Wednesday, October 10, 2012

Tough Anti-Corruption Laws Help Making Resources Work for People

3.5 billion people live in resource rich countries. Many don’t see any results from the extraction of their natural resources. This phenomenon is known as the “Paradox of Plenty” or the “resource curse”. It refers to the paradox that resource rich countries tend to have less economic growth and worse development outcomes than countries with fewer resources. Resource wealth is most often concentrated in the hands of corrupt elites, politicians and industry insiders, meaning for the rest of the population the resources are a curse rather than a blessing. Global Witness estimates that since the starting of the oil boom in the 60ies in Nigeria, the country has lost about $400 billion to corruption. This is a vast figure for a country where large parts of the population live under $1 a day. In 2010, Africa’s oil, gas and mineral exports were worth roughly seven times the value of international aid to the continent ($333 billion vs $48 billion) ( ). Therefore developing countries need to maximize revenue from the finite resources and make sure that revenues go into building schools, infrastructure and hospitals.

The stakeholder network of resource extraction in resource rich but poor countries is pretty sophisticated. Let me name the stakeholders that I think are the most important ones: the extractive companies; the investors; the companies’ host and home governments (including all important offices); the citizens in the host countries; international, national and regional non-governmental organizations; governmental organizations and last but not least international donors.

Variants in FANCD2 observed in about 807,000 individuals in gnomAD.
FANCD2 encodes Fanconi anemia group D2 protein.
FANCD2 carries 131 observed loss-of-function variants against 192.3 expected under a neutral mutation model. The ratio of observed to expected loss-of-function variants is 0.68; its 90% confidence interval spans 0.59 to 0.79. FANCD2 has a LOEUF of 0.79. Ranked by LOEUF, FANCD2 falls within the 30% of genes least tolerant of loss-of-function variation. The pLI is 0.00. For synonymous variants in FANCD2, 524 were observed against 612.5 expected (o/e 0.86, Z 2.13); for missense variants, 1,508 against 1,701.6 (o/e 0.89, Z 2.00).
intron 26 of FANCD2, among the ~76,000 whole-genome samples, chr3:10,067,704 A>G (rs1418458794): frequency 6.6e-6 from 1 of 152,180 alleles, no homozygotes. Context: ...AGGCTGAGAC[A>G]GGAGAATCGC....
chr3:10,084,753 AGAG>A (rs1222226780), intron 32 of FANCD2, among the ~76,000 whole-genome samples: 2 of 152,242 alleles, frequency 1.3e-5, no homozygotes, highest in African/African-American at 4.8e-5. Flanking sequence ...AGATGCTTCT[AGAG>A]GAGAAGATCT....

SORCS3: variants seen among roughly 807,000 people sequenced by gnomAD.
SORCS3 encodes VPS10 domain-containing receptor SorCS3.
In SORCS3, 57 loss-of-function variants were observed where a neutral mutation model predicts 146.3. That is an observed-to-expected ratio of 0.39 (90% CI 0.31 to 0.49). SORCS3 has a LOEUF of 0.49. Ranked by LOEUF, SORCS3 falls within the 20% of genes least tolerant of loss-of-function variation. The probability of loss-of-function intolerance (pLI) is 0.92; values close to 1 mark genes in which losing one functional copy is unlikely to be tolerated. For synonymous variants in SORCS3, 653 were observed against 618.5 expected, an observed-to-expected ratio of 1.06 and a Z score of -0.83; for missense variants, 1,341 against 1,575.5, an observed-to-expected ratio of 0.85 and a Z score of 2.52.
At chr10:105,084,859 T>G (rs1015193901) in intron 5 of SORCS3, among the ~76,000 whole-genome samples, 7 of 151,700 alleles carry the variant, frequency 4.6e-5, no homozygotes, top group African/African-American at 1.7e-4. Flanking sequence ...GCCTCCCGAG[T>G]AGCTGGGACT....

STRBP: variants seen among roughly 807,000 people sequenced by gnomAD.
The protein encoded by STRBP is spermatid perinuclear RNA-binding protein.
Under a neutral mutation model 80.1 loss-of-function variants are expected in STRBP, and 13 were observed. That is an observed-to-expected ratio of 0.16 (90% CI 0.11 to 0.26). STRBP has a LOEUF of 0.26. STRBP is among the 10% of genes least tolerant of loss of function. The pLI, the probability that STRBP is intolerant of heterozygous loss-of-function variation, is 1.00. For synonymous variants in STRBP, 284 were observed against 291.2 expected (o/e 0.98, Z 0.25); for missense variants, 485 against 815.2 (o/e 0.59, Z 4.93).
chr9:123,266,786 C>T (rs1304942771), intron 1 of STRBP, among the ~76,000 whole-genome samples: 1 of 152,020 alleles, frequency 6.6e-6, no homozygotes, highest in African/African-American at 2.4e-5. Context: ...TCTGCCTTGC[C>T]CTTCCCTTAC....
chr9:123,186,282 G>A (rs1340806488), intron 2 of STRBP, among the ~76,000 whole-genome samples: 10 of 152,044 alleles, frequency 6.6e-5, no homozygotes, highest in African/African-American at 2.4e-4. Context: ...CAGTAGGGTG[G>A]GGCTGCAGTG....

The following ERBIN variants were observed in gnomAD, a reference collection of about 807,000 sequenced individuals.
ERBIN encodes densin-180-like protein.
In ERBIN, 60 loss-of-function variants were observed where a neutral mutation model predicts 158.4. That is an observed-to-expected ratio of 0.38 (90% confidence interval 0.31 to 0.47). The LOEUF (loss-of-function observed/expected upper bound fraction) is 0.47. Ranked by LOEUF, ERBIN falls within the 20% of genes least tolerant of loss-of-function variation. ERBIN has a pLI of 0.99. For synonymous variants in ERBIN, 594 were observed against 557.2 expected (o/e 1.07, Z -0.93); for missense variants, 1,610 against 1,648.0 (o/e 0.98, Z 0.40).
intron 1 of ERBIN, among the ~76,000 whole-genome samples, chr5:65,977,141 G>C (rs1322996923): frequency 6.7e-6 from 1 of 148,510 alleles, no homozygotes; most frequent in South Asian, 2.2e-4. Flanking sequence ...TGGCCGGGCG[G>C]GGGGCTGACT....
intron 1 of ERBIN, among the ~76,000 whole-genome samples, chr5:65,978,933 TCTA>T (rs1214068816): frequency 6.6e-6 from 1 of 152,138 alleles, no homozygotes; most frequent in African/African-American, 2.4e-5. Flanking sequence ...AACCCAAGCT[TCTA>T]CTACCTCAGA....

A global movement of anti-corruption (Global Witness, Publish What You Pay, Transparency International etc.) and human-rights organizations (Amnesty International, Human Rights Watch etc.) has been trying to change the disastrous situation by pushing for transparency measures. A special role has the Extractive Industry Transparency Initiative (EITI). As the EITI is a coalition of governments, companies, civil society groups, investors and international organizations, it is a multisectoral stakeholder network that involves all important stakeholders. EITI increases transparency over payments by oil and mining companies to governments and government-linked entities, as well as transparency over revenues by the host countries’ governments.

But in this August with U.S. regulators setting demanding rules for U.S.-listed firms ( ) these “soft law initiatives” got important support by “hard law”. In September the European Parliamentary committee has also voted for a draft anti-corruption law. Although the final text of the proposal is yet to be published, they agreed on a detailed project reporting to regulatory authorities starting from a minimum threshold of 80’000 Euros ( ). The project reporting will enable citizens to follow the money from natural resource deals. As oil majors and other resource firms have already signed up to international guidelines enshrined in the EITI, they believe in transparency and appreciate the new regulations.

If an effective EU directive is established it would enhance the global comparability as well as transparency and would be good for industry and citizens alike. Multisectoral stakeholder groups wouldn’t be jobless: they could try to extend reporting beyond the legal core.
This example shows how important multisectoral stakeholder networks can be to raise awareness and the development of hard law. Let’s hope these new regulations will make resources work for people.

Sabrina Stucki

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